It is impossible not to be sickened by the actions of Marine A. In September 2011, in a field in the Helmand province of Afghanistan, this until-then-exemplary sergeant performed a “battlefield execution” on a helpless Taliban fighter who was already badly wounded from an attack by a helicopter gunship.
Footage from a helmet camera worn by one of the Royal Marine’s two comrades (against armed forces rules) recorded the sergeant deliberately discharging a bullet into the Afghan’s chest. “Obviously this doesn’t go anywhere, fellas,” the Marine could be heard remarking. “I’ve just broken the Geneva Convention.”
His two colleagues were acquitted, but last month Marine A was convicted of murder, the first such verdict handed down to a serving soldier since the Second World War. In the intervening weeks, there has been much controversy over whether the identities of the defendants should be revealed, but the focus now is on Friday’s sentencing. At the law’s most punitive, Marine A faces mandatory life imprisonment.
There is a compelling case for severity. After all, it is our moral values – including the creation of, and adherence to, halfway humane rules of engagement – that are the only justification for our judgment of the Taliban, let alone our enforcing it at the point of a sword. The suggestion that we do not practise what we preach, that the Geneva Convention is only binding in the corridors of The Hague, and that violations by our own meet with nothing more onerous than a complacent shrug, exposes us to charges of hypocrisy, at best. As no less a figure than General Sir Nick Houghton, the Chief of the Defence Staff, has put it: “Murder is murder”; pleading for clemency “erodes the moral ascendancy over our enemies”.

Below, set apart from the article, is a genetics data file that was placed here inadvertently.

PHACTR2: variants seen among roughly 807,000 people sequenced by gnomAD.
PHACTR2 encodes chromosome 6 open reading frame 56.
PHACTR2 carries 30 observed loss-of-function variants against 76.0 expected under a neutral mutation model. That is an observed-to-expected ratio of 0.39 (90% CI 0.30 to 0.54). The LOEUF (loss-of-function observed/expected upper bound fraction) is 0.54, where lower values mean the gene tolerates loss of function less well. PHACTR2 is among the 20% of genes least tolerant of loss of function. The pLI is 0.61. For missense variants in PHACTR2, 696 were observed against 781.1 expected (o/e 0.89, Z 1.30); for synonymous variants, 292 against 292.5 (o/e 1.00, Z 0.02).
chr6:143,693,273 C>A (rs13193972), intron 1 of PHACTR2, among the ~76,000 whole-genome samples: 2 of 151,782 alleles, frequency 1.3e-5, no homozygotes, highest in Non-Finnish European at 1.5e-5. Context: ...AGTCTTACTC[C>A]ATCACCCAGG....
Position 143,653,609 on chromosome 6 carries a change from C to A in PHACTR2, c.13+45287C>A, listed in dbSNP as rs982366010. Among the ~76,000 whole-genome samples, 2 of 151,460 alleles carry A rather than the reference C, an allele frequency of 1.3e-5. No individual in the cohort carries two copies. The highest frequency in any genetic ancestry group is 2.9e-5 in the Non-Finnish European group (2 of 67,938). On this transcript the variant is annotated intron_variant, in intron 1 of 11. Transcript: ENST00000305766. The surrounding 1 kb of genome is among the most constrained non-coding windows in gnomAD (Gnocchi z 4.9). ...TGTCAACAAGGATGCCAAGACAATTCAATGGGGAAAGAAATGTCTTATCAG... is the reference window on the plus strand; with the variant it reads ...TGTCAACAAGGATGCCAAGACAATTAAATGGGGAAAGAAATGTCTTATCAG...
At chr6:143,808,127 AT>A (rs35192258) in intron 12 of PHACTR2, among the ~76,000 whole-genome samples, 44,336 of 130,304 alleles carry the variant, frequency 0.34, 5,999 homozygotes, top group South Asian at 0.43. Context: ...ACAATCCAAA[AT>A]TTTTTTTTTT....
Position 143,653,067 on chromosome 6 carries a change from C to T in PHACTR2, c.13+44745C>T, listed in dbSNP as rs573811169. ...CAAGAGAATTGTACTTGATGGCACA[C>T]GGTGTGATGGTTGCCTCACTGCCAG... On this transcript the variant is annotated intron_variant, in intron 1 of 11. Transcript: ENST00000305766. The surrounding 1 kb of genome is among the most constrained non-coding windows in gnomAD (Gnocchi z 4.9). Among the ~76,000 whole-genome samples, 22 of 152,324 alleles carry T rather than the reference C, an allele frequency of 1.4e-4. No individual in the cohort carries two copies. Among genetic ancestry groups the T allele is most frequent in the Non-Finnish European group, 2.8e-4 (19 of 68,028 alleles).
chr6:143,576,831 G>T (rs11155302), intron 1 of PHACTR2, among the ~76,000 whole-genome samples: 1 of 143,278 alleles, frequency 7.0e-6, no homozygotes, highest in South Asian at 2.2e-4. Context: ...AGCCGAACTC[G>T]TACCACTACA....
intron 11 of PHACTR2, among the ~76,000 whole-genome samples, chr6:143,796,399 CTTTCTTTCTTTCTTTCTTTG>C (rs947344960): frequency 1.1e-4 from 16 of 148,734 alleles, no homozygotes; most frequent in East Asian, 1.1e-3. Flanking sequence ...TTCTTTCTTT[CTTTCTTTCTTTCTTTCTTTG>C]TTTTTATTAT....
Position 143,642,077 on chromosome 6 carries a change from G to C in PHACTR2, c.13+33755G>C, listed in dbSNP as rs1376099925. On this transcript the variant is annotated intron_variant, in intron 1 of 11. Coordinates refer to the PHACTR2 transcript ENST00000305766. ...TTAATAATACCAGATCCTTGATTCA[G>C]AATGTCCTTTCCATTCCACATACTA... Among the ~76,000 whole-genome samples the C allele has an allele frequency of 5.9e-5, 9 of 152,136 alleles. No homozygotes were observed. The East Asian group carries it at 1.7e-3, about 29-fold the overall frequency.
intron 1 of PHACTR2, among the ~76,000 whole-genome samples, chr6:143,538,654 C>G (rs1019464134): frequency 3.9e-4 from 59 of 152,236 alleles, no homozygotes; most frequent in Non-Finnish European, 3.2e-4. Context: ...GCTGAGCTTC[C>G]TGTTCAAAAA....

Yet clemency is still what The Independent would have. Marine A fought for his country for nearly a decade. Whether or not it was right for Britain to go to war in Iraq and Afghanistan, the soldiers who risked – and forfeited – their lives deserve the same limitless respect and gratitude from those of us who did not.
The realities of such a life must also be considered. Not for nothing did General Sherman remark that “war is hell”. Marine A and his comrades lived and worked in conditions of discomfort, threat and fear nigh unimaginable to those who have not experienced them. We ask these people to face risks that would terrify us and commit acts that would appal us, with only camaraderie and a sense of duty to support them. The horrific violence that they witness, not least the deliberate killing and maiming of their comrades, cannot but leave a mark. Professional as they most certainly are, no amount of training can stop them being human beings; indeed, we would not want it to.
This is no defence of Marine A. Battlefield or no battlefield, this was murder. And yet the context in which the events took place are sufficiently extraordinary that they cannot be ignored. The place to reflect that is not in the verdict but in the sentence. Marine A must, of course, go to prison. But not for life. While soldiers cannot be outside justice, the intolerable pressures we ask them to bear do not count for nothing either.
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